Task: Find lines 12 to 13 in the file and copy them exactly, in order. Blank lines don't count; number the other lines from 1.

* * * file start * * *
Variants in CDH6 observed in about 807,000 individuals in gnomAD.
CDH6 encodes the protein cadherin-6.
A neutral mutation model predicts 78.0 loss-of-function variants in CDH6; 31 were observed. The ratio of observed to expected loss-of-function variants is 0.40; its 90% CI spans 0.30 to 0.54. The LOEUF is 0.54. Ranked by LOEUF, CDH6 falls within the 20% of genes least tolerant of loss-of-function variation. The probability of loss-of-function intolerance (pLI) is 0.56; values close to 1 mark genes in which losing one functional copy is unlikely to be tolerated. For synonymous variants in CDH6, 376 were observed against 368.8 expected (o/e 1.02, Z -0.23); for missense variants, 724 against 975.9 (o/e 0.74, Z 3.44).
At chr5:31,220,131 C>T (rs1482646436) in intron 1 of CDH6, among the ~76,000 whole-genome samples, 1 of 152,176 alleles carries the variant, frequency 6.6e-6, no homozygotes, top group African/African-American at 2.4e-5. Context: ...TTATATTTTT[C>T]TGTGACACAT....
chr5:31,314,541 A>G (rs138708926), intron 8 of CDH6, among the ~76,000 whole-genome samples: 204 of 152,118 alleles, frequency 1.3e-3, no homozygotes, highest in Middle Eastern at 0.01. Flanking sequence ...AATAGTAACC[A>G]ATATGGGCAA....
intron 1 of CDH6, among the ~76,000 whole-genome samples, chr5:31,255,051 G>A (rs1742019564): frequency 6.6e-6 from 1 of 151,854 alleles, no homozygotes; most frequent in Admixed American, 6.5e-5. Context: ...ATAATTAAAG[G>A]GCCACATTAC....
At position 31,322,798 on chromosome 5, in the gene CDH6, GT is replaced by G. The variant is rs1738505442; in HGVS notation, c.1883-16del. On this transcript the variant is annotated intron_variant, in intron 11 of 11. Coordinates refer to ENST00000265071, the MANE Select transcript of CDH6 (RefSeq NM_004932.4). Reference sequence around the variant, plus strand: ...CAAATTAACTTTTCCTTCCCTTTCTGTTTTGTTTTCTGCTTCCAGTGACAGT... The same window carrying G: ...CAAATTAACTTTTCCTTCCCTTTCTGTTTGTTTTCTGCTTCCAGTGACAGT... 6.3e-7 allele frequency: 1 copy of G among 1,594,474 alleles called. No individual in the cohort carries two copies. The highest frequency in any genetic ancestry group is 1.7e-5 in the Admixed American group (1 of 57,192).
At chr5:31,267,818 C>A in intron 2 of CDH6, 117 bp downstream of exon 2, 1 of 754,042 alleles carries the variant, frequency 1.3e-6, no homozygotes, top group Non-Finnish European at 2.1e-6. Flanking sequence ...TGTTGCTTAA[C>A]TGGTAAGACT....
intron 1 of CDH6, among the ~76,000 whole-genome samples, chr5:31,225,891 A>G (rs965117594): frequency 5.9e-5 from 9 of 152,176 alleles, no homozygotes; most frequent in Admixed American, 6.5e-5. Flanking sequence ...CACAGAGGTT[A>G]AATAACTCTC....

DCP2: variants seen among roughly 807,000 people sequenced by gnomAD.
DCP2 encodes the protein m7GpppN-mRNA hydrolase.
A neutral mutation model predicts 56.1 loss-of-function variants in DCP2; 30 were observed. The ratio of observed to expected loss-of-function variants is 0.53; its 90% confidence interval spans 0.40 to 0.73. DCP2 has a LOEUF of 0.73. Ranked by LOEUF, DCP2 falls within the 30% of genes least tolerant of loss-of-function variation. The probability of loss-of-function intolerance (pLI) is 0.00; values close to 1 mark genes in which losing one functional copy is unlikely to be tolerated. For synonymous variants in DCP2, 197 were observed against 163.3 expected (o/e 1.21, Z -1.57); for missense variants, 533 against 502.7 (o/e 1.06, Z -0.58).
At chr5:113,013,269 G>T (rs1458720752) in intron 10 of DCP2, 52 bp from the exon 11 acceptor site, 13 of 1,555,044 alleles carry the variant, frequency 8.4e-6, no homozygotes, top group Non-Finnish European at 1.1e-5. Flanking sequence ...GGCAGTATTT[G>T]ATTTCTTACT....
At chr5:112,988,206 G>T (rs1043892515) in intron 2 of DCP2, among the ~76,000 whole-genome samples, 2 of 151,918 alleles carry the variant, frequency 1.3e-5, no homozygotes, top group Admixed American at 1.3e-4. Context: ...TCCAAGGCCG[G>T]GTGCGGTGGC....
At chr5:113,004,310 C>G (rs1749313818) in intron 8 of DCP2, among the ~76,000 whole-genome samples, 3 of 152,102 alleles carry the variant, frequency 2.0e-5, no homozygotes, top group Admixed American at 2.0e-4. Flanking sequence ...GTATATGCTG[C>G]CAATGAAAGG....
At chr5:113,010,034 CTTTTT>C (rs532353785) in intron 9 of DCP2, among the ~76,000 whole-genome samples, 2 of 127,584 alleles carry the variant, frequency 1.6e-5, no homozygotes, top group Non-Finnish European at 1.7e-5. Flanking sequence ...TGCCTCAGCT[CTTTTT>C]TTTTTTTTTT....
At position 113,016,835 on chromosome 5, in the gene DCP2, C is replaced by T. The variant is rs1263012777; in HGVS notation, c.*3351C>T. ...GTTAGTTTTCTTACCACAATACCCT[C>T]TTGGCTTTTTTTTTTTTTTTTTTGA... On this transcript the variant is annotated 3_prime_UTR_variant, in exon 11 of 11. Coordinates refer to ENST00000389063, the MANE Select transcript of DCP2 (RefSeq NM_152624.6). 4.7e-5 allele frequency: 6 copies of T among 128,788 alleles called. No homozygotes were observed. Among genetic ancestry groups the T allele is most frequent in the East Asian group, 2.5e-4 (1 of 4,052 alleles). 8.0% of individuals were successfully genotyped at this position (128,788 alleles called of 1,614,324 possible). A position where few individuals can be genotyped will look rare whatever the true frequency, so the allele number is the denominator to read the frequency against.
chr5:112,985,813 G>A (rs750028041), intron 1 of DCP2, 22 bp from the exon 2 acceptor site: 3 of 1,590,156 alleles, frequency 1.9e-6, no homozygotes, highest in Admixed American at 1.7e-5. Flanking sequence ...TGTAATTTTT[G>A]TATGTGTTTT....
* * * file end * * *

A neutral mutation model predicts 56.1 loss-of-function variants in DCP2; 30 were observed. The ratio of observed to expected loss-of-function variants is 0.53; its 90% confidence interval spans 0.40 to 0.73. DCP2 has a LOEUF of 0.73. Ranked by LOEUF, DCP2 falls within the 30% of genes least tolerant of loss-of-function variation. The probability of loss-of-function intolerance (pLI) is 0.00; values close to 1 mark genes in which losing one functional copy is unlikely to be tolerated. For synonymous variants in DCP2, 197 were observed against 163.3 expected (o/e 1.21, Z -1.57); for missense variants, 533 against 502.7 (o/e 1.06, Z -0.58).
At chr5:113,013,269 G>T (rs1458720752) in intron 10 of DCP2, 52 bp from the exon 11 acceptor site, 13 of 1,555,044 alleles carry the variant, frequency 8.4e-6, no homozygotes, top group Non-Finnish European at 1.1e-5. Flanking sequence ...GGCAGTATTT[G>T]ATTTCTTACT....